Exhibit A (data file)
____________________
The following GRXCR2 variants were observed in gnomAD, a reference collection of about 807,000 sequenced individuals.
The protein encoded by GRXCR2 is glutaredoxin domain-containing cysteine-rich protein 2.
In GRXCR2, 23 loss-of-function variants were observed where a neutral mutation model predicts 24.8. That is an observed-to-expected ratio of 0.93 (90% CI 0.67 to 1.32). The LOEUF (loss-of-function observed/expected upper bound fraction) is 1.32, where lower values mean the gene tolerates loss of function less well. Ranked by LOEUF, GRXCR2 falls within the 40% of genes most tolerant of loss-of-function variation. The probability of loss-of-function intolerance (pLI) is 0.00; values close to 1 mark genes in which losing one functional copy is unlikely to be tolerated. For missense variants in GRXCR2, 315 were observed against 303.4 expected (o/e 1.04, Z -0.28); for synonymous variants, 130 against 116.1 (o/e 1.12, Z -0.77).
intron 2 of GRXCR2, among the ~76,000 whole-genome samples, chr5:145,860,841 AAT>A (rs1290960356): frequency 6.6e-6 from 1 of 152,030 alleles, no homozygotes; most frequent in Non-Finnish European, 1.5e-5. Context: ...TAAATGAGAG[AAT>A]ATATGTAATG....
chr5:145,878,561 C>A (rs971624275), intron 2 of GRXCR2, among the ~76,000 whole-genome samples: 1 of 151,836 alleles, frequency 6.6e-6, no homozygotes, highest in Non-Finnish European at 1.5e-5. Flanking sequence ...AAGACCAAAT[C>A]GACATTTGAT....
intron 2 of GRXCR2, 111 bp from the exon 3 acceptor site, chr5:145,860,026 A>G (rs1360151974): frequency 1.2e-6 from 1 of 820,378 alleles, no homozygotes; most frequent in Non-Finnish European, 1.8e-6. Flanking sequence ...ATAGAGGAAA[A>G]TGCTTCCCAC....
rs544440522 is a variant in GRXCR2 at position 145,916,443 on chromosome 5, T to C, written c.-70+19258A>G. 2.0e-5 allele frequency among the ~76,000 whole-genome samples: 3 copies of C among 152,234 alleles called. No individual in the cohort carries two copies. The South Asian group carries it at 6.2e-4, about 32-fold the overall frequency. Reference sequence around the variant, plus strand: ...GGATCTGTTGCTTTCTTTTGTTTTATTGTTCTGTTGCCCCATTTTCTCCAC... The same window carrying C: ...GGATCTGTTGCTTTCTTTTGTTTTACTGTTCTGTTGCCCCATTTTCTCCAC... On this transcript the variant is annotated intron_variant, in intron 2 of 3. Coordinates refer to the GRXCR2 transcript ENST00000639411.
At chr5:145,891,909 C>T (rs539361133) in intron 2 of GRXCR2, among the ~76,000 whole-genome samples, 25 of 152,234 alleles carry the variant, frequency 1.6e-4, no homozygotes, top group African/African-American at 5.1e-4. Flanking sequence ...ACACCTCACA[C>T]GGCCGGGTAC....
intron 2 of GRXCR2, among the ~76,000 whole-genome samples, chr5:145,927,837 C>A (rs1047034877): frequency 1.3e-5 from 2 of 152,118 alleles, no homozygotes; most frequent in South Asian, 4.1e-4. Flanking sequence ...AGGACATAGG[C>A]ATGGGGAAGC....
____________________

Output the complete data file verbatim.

The following GRXCR2 variants were observed in gnomAD, a reference collection of about 807,000 sequenced individuals.
The protein encoded by GRXCR2 is glutaredoxin domain-containing cysteine-rich protein 2.
In GRXCR2, 23 loss-of-function variants were observed where a neutral mutation model predicts 24.8. That is an observed-to-expected ratio of 0.93 (90% CI 0.67 to 1.32). The LOEUF (loss-of-function observed/expected upper bound fraction) is 1.32, where lower values mean the gene tolerates loss of function less well. Ranked by LOEUF, GRXCR2 falls within the 40% of genes most tolerant of loss-of-function variation. The probability of loss-of-function intolerance (pLI) is 0.00; values close to 1 mark genes in which losing one functional copy is unlikely to be tolerated. For missense variants in GRXCR2, 315 were observed against 303.4 expected (o/e 1.04, Z -0.28); for synonymous variants, 130 against 116.1 (o/e 1.12, Z -0.77).
intron 2 of GRXCR2, among the ~76,000 whole-genome samples, chr5:145,860,841 AAT>A (rs1290960356): frequency 6.6e-6 from 1 of 152,030 alleles, no homozygotes; most frequent in Non-Finnish European, 1.5e-5. Context: ...TAAATGAGAG[AAT>A]ATATGTAATG....
chr5:145,878,561 C>A (rs971624275), intron 2 of GRXCR2, among the ~76,000 whole-genome samples: 1 of 151,836 alleles, frequency 6.6e-6, no homozygotes, highest in Non-Finnish European at 1.5e-5. Flanking sequence ...AAGACCAAAT[C>A]GACATTTGAT....
intron 2 of GRXCR2, 111 bp from the exon 3 acceptor site, chr5:145,860,026 A>G (rs1360151974): frequency 1.2e-6 from 1 of 820,378 alleles, no homozygotes; most frequent in Non-Finnish European, 1.8e-6. Flanking sequence ...ATAGAGGAAA[A>G]TGCTTCCCAC....
rs544440522 is a variant in GRXCR2 at position 145,916,443 on chromosome 5, T to C, written c.-70+19258A>G. 2.0e-5 allele frequency among the ~76,000 whole-genome samples: 3 copies of C among 152,234 alleles called. No individual in the cohort carries two copies. The South Asian group carries it at 6.2e-4, about 32-fold the overall frequency. Reference sequence around the variant, plus strand: ...GGATCTGTTGCTTTCTTTTGTTTTATTGTTCTGTTGCCCCATTTTCTCCAC... The same window carrying C: ...GGATCTGTTGCTTTCTTTTGTTTTACTGTTCTGTTGCCCCATTTTCTCCAC... On this transcript the variant is annotated intron_variant, in intron 2 of 3. Coordinates refer to the GRXCR2 transcript ENST00000639411.
At chr5:145,891,909 C>T (rs539361133) in intron 2 of GRXCR2, among the ~76,000 whole-genome samples, 25 of 152,234 alleles carry the variant, frequency 1.6e-4, no homozygotes, top group African/African-American at 5.1e-4. Flanking sequence ...ACACCTCACA[C>T]GGCCGGGTAC....
intron 2 of GRXCR2, among the ~76,000 whole-genome samples, chr5:145,927,837 C>A (rs1047034877): frequency 1.3e-5 from 2 of 152,118 alleles, no homozygotes; most frequent in South Asian, 4.1e-4. Flanking sequence ...AGGACATAGG[C>A]ATGGGGAAGC....